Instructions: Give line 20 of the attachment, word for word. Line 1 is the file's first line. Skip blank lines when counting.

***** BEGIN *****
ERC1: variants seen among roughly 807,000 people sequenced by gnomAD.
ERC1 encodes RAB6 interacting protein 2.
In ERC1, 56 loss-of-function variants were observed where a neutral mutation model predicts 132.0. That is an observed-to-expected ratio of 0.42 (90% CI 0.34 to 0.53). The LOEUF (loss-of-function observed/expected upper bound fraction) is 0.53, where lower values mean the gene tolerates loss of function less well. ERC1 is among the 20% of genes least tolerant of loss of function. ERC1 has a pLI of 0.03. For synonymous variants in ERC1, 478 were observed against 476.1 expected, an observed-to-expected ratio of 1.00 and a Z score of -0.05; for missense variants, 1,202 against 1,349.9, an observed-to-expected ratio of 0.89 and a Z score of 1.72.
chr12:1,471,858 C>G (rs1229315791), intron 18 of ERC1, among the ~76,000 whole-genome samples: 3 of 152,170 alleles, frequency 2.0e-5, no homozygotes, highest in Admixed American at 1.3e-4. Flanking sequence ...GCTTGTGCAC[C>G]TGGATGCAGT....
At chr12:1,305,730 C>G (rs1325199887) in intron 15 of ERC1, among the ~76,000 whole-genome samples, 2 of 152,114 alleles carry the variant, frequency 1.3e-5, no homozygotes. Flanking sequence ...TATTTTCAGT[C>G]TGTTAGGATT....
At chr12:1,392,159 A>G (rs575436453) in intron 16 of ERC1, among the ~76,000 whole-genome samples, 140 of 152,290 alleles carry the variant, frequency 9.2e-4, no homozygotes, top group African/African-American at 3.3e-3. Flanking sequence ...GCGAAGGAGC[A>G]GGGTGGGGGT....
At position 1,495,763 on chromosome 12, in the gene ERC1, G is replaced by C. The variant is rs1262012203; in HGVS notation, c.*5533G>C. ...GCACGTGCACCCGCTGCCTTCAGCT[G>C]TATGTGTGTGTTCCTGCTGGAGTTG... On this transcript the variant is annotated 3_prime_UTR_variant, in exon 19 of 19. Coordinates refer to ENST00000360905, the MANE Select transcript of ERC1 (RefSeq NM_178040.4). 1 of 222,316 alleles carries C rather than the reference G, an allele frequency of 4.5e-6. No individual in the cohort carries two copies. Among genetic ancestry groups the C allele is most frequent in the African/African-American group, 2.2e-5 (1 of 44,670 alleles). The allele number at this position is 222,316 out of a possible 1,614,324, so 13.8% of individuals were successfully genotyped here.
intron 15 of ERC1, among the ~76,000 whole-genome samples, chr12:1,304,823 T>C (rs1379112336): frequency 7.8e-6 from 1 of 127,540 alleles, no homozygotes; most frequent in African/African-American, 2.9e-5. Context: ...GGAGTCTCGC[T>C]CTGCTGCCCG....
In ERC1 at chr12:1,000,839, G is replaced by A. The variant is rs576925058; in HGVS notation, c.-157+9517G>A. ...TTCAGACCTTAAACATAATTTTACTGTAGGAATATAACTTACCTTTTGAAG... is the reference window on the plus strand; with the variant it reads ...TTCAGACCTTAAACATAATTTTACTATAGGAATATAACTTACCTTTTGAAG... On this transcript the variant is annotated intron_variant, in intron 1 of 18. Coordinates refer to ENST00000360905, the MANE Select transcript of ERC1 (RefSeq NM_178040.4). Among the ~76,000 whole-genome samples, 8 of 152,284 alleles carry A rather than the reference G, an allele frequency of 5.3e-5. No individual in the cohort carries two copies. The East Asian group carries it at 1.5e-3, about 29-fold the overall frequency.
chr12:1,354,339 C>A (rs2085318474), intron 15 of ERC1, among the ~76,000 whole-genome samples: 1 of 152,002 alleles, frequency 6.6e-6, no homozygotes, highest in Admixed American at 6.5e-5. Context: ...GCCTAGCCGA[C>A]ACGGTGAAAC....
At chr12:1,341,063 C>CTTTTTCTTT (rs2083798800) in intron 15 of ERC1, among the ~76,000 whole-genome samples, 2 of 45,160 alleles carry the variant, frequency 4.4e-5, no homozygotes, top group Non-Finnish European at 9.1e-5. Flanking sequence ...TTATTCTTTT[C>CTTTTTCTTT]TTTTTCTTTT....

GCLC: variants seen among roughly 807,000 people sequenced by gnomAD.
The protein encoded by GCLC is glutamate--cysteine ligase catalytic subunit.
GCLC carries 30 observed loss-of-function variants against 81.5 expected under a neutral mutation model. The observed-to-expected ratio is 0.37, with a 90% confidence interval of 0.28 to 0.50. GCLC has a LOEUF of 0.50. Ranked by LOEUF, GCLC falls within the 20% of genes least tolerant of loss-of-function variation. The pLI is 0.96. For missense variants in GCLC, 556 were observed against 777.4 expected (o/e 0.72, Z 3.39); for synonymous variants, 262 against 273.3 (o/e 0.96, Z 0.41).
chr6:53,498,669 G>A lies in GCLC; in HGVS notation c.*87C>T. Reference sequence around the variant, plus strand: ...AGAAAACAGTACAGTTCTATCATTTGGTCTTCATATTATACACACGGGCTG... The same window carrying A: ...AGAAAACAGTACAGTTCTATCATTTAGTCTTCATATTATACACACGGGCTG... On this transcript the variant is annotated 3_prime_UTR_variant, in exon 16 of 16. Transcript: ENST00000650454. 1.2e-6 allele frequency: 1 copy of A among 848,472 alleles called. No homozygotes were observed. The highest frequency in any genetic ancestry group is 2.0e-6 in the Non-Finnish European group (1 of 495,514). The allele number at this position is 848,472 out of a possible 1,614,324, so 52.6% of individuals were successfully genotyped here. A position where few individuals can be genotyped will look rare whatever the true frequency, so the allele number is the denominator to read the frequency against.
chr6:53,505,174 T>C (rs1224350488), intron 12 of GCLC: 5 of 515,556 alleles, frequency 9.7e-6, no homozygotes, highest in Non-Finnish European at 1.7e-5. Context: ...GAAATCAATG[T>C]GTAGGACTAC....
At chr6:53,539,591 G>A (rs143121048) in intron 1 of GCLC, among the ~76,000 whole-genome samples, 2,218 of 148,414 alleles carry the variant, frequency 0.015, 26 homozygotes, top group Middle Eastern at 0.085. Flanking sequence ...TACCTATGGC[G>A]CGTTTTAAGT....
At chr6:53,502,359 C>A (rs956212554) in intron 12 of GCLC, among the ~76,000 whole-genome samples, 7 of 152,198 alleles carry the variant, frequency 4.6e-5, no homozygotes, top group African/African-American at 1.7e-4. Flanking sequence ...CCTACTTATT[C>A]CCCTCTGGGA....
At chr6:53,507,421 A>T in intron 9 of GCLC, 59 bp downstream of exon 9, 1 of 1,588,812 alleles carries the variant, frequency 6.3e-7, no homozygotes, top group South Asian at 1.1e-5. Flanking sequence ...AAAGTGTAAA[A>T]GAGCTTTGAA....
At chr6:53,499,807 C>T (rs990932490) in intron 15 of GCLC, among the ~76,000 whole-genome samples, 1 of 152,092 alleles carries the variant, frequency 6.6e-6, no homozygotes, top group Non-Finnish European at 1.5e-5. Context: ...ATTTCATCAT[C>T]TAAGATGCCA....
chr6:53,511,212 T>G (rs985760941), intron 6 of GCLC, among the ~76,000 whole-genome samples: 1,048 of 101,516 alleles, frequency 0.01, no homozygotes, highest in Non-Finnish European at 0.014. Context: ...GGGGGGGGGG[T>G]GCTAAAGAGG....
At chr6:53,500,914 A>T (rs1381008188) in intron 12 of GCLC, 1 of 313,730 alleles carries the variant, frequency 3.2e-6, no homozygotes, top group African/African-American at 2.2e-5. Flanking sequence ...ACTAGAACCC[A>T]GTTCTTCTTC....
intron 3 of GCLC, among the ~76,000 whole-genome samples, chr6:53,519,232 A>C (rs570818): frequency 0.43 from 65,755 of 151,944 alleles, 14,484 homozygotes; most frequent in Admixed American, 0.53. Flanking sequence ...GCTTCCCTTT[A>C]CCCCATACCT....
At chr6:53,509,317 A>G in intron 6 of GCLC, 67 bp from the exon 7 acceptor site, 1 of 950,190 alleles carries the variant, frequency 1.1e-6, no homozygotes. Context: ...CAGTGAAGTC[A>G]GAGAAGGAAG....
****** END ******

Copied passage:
At chr6:53,499,807 C>T (rs990932490) in intron 15 of GCLC, among the ~76,000 whole-genome samples, 1 of 152,092 alleles carries the variant, frequency 6.6e-6, no homozygotes, top group Non-Finnish European at 1.5e-5. Context: ...ATTTCATCAT[C>T]TAAGATGCCA....